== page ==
Stellar Diamonds has also allocated US$5.8 million for the development of the Mandala alluvial project, of which US$3.9 million had already been spent. This included a processing plant and the DMS recovery module.
The 100 tph DMS plant has been constructed and shipped to Guinea to be located on the Mandala site. The DMS plant will also be used to conduct bulk sampling on the promising Bouro kimberlite dykes, which overlap the Mandala licence.
“At full capacity Mandala is expected to produce in excess of 10,000 carats per month at an average value of US$65 per carat, with attractive margins. It will provide Stellar with near-term access to cash, which will be applied to refocus exploration activities,” da Silva says.
He also says Tongo in Sierra Leone is an exciting project, with historical data showing exceptional grades and diamond values in excess of US$200/ct. “For this reason it is one of our key exploration focuses.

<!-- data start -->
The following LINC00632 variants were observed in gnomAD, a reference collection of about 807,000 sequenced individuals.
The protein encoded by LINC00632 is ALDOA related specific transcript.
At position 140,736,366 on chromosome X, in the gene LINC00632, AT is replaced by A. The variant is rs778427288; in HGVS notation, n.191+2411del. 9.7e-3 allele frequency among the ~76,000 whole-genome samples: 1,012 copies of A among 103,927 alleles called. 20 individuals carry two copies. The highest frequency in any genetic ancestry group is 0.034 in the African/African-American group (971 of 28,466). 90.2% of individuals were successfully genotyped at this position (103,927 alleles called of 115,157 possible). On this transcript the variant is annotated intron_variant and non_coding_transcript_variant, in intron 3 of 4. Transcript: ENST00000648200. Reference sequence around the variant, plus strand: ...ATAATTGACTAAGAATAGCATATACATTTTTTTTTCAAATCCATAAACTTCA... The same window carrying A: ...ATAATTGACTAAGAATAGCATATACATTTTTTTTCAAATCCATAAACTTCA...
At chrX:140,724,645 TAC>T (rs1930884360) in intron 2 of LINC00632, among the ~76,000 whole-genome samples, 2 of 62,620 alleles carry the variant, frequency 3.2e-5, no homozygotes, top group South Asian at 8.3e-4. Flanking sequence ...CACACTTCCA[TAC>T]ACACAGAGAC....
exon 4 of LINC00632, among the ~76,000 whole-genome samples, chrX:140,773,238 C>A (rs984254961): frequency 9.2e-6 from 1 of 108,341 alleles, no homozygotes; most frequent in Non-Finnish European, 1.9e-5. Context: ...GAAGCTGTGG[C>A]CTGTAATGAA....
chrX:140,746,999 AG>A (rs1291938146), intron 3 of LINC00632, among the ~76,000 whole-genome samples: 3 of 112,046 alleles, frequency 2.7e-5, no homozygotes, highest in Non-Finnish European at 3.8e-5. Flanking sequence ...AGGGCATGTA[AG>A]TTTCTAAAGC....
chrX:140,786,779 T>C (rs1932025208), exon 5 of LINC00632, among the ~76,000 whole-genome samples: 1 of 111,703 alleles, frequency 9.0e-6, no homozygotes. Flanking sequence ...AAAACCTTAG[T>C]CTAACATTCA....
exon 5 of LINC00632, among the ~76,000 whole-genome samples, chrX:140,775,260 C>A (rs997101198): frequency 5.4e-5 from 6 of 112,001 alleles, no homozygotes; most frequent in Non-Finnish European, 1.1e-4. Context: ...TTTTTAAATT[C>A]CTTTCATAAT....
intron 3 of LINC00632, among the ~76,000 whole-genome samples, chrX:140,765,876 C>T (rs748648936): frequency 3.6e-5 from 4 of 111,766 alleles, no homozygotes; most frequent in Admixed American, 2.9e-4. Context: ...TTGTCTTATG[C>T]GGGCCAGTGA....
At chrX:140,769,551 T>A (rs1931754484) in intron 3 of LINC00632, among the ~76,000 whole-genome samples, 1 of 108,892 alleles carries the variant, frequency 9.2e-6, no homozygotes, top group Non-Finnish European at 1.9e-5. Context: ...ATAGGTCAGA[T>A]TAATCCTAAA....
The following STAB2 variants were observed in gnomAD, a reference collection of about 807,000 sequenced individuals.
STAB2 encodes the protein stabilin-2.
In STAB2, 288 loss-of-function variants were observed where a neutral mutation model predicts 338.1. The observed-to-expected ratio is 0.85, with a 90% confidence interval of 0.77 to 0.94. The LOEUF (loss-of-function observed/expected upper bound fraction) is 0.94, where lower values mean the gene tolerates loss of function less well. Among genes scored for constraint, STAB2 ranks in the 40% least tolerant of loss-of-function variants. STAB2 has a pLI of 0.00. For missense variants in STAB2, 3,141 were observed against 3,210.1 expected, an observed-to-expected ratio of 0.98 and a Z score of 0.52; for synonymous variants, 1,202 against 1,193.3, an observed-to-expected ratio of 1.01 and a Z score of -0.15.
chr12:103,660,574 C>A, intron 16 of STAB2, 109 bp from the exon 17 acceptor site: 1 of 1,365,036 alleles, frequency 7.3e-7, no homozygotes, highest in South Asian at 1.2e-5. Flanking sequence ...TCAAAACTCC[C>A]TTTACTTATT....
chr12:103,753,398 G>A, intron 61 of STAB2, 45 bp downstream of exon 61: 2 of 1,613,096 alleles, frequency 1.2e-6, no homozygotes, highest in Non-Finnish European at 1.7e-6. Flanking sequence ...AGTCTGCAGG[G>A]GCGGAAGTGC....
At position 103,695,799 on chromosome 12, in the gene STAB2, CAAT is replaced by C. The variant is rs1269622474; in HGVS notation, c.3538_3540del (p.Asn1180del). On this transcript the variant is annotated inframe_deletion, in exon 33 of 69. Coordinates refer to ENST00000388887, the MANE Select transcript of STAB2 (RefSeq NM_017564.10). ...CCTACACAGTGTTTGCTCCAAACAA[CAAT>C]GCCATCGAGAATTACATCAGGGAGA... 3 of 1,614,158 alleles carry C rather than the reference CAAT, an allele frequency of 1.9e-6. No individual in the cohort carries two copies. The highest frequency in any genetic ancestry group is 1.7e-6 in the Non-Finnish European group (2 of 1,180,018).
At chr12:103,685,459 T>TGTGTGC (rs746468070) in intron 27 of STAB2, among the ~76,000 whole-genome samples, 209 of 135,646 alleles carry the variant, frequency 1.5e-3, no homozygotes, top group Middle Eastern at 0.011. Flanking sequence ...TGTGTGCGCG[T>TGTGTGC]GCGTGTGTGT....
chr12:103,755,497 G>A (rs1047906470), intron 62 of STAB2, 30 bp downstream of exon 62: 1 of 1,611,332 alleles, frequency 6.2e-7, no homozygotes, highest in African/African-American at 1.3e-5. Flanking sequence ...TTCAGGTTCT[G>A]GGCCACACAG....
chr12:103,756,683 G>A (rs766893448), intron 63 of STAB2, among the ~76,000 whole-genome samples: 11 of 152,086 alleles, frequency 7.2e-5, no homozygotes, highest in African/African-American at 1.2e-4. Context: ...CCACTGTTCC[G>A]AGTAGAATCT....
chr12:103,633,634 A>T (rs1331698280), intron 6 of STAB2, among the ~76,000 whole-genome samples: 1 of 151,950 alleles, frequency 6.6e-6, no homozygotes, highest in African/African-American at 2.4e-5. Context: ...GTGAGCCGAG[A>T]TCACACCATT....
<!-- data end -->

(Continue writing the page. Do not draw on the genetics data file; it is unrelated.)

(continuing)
Stellar Diamonds has traced four kimberlite dykes to date of varying thicknesses, and a 400 tonne bulk sampling programme is planned to sample material from two of the four.
The Bouro project in Guinea is another exciting project with significant long-term potential. “Initial estimates indicate grades of up to 500 cpht,” da Silva says, “and currently a bulk sample programme, which will use the processing plant at Mandala, is being planned.
“Mano is in a privileged position, given the difficult times currently in the financial markets,” da Silva notes. “Stellar has become self-reliant following its private placements, which means that Mano needs only to fund its gold and iron ore projects moving forward.
“Mano has already secured funding through to bankable feasibility study on the Putu Range iron ore project through its deal with Severstal. In addition, some of the funds made available through the subscription agreement with Severstal will be used to progress the New Liberty gold project through to the next stage of development.”